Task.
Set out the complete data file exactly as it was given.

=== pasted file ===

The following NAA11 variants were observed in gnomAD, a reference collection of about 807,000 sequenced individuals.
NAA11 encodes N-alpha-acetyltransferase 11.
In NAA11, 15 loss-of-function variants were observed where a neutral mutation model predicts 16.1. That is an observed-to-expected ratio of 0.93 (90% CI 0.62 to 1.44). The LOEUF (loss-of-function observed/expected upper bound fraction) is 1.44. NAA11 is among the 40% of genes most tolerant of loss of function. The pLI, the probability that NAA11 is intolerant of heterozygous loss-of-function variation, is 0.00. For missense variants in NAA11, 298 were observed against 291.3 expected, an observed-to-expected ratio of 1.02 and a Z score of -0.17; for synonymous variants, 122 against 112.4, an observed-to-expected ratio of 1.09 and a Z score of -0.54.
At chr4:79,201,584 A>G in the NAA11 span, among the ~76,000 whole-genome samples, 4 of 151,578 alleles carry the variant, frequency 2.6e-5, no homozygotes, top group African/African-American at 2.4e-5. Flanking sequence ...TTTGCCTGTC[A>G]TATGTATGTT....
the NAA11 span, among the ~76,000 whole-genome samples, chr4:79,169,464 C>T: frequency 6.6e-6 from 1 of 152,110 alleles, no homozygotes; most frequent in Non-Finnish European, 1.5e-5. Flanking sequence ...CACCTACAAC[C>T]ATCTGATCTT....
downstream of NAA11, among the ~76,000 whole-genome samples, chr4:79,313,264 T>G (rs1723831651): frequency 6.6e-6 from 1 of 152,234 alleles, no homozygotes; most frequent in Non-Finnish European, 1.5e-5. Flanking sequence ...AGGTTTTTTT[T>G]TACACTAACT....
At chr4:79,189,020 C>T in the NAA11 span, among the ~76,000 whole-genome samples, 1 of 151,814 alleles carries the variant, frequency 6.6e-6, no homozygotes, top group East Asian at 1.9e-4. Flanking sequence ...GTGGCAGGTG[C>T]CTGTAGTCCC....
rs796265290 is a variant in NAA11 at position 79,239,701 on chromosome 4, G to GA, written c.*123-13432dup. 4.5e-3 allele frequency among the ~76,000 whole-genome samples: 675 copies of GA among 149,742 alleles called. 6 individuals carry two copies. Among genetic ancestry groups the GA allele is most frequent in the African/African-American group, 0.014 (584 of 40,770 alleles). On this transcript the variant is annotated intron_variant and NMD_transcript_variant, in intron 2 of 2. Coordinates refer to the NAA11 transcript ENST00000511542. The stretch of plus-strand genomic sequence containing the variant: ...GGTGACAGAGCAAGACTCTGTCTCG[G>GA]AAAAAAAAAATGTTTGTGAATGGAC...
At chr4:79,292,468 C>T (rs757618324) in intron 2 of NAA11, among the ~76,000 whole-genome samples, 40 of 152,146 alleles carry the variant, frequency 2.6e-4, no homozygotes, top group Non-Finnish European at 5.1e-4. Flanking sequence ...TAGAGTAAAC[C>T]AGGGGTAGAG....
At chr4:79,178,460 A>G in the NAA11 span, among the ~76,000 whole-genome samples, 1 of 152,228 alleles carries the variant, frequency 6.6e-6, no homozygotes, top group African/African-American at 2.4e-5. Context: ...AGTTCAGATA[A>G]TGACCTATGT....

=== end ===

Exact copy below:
The following NAA11 variants were observed in gnomAD, a reference collection of about 807,000 sequenced individuals.
NAA11 encodes N-alpha-acetyltransferase 11.
In NAA11, 15 loss-of-function variants were observed where a neutral mutation model predicts 16.1. That is an observed-to-expected ratio of 0.93 (90% CI 0.62 to 1.44). The LOEUF (loss-of-function observed/expected upper bound fraction) is 1.44. NAA11 is among the 40% of genes most tolerant of loss of function. The pLI, the probability that NAA11 is intolerant of heterozygous loss-of-function variation, is 0.00. For missense variants in NAA11, 298 were observed against 291.3 expected, an observed-to-expected ratio of 1.02 and a Z score of -0.17; for synonymous variants, 122 against 112.4, an observed-to-expected ratio of 1.09 and a Z score of -0.54.
At chr4:79,201,584 A>G in the NAA11 span, among the ~76,000 whole-genome samples, 4 of 151,578 alleles carry the variant, frequency 2.6e-5, no homozygotes, top group African/African-American at 2.4e-5. Flanking sequence ...TTTGCCTGTC[A>G]TATGTATGTT....
the NAA11 span, among the ~76,000 whole-genome samples, chr4:79,169,464 C>T: frequency 6.6e-6 from 1 of 152,110 alleles, no homozygotes; most frequent in Non-Finnish European, 1.5e-5. Flanking sequence ...CACCTACAAC[C>T]ATCTGATCTT....
downstream of NAA11, among the ~76,000 whole-genome samples, chr4:79,313,264 T>G (rs1723831651): frequency 6.6e-6 from 1 of 152,234 alleles, no homozygotes; most frequent in Non-Finnish European, 1.5e-5. Flanking sequence ...AGGTTTTTTT[T>G]TACACTAACT....
At chr4:79,189,020 C>T in the NAA11 span, among the ~76,000 whole-genome samples, 1 of 151,814 alleles carries the variant, frequency 6.6e-6, no homozygotes, top group East Asian at 1.9e-4. Flanking sequence ...GTGGCAGGTG[C>T]CTGTAGTCCC....
rs796265290 is a variant in NAA11 at position 79,239,701 on chromosome 4, G to GA, written c.*123-13432dup. 4.5e-3 allele frequency among the ~76,000 whole-genome samples: 675 copies of GA among 149,742 alleles called. 6 individuals carry two copies. Among genetic ancestry groups the GA allele is most frequent in the African/African-American group, 0.014 (584 of 40,770 alleles). On this transcript the variant is annotated intron_variant and NMD_transcript_variant, in intron 2 of 2. Coordinates refer to the NAA11 transcript ENST00000511542. The stretch of plus-strand genomic sequence containing the variant: ...GGTGACAGAGCAAGACTCTGTCTCG[G>GA]AAAAAAAAAATGTTTGTGAATGGAC...
At chr4:79,292,468 C>T (rs757618324) in intron 2 of NAA11, among the ~76,000 whole-genome samples, 40 of 152,146 alleles carry the variant, frequency 2.6e-4, no homozygotes, top group Non-Finnish European at 5.1e-4. Flanking sequence ...TAGAGTAAAC[C>T]AGGGGTAGAG....
At chr4:79,178,460 A>G in the NAA11 span, among the ~76,000 whole-genome samples, 1 of 152,228 alleles carries the variant, frequency 6.6e-6, no homozygotes, top group African/African-American at 2.4e-5. Context: ...AGTTCAGATA[A>G]TGACCTATGT....